Tuesday, April 28, 2009

GOP debt chart, un-crappified

This chart is from gop.gov. Hat tip to Sadly, No!

There's a lot wrong with this chart. First off, it describes 4 ordered pairs. Secondly, there's no context to the numbers. Thirdly, an increase from 2.68T to 8.46T (5.77T) is represented by a distance of about 24 pixels, or about 4.2 pixels per trillion dollars.

Then an increase of 4.41T is represented by about 27 pixels, or 6.1 pixels per trillion dollars.

Finally an increase of 3.31T (the smallest increase depicted in reality) is represented by a distance of 107 pixels. This is a factor of 32.3 pixels per trillion dollars.

This gives the Y-dimension a lie factor of 7.8.

In the X-dimension, 334 pixels represent 17 years (20px per year), 60 pixels represent 2 years (30 px per year) and 62 pixels represent 3 years (21 px per year). The lie factor here is only 1.5.

Fourthly, the line from 2009 to 2012 is curved, making it appear longer than it actually is, enhancing the deception. Fifthly, the use of a very well-known optical illusion to make the distorted line appear even longer is rather childish. Sixthly, the use of the noun "Democrat" as an adjective (a well-documented attempt to turn the term into a slur) is also very childish.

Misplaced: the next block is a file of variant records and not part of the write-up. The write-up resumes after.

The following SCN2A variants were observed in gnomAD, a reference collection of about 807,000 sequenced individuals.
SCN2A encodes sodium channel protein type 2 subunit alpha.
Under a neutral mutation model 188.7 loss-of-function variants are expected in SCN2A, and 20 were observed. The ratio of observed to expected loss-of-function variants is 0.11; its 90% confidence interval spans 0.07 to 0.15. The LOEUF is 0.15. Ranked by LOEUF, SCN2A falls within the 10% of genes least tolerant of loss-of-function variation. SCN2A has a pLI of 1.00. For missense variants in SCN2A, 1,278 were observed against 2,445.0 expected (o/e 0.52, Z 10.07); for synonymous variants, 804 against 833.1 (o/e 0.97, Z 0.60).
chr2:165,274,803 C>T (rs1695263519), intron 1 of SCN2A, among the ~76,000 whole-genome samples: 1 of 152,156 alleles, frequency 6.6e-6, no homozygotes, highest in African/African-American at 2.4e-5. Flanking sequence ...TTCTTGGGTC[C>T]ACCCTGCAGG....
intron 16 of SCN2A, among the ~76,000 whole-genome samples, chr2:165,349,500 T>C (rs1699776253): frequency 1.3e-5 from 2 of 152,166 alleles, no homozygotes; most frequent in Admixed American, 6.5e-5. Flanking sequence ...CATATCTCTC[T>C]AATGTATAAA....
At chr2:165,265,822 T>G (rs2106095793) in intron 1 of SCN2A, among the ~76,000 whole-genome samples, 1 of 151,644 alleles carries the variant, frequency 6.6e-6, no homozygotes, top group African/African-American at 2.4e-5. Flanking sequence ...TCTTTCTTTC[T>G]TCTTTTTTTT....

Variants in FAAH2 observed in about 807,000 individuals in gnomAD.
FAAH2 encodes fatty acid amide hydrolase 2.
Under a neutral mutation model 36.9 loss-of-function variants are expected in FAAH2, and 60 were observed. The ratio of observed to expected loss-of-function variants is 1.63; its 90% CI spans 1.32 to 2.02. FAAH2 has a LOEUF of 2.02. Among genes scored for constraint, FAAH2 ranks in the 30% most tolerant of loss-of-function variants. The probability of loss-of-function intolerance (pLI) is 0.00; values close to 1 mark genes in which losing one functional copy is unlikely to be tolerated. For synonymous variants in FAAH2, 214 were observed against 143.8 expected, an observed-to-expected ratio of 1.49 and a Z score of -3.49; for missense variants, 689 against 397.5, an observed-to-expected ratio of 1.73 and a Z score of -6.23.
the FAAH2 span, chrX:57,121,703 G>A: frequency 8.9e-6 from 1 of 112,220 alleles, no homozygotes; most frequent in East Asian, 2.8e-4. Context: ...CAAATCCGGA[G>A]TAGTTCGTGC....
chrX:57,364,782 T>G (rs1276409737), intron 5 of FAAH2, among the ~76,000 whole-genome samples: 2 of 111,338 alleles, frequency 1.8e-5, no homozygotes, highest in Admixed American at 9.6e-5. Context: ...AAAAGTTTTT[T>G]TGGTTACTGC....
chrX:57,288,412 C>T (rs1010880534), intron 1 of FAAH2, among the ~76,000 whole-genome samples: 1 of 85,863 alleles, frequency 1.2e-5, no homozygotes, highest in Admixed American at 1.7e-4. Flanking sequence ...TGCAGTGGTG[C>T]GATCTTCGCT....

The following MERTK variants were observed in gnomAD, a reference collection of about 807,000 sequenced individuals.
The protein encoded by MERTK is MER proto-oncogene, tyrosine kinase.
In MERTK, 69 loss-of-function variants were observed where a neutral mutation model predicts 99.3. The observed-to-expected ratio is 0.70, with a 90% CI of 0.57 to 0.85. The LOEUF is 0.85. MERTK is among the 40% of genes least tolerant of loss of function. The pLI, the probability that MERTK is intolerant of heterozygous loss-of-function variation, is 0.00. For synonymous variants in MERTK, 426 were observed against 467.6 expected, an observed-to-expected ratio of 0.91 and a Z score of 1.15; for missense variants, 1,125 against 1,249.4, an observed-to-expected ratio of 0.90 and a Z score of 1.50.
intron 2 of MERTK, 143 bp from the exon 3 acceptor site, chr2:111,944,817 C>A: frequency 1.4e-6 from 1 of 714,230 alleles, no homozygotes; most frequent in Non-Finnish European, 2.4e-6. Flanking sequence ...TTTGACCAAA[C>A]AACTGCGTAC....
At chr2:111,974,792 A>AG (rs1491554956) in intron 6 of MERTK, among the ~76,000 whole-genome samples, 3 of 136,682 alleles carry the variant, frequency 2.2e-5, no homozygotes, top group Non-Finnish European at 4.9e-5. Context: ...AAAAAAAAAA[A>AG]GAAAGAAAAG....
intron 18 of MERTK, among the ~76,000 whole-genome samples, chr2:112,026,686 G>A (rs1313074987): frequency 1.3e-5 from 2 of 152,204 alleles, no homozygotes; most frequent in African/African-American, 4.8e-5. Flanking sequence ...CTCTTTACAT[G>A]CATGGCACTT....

Seventhly, the 2.68 number is grayed out and the 16.17 number is enlarged. Eighthly, the large lines and dots obscure the fake data. I think I'm forgetting some other things. Perhaps it was that the OMB projection data from the Statistical Abstract disagrees with the GOP's data, which they claim comes from the OMB. At any rate, the budget data may not agree with the Statistical Abstract data due to policy changes, but I haven't bothered to look into that. Anyway, here's a new design.

(and the SVGZ)

The red portion is historical data, the blue is projection (since the projection is for years that are Democratic-controlled, I chose blue for that portion). The labels on the left are fairly consistent until it gets near the bottom, at which point, the labels would all run into each other.

The year 1976 has an asterisk because that year, there was a change in accounting procedures. It is listed twice, once under each accounting procedure.

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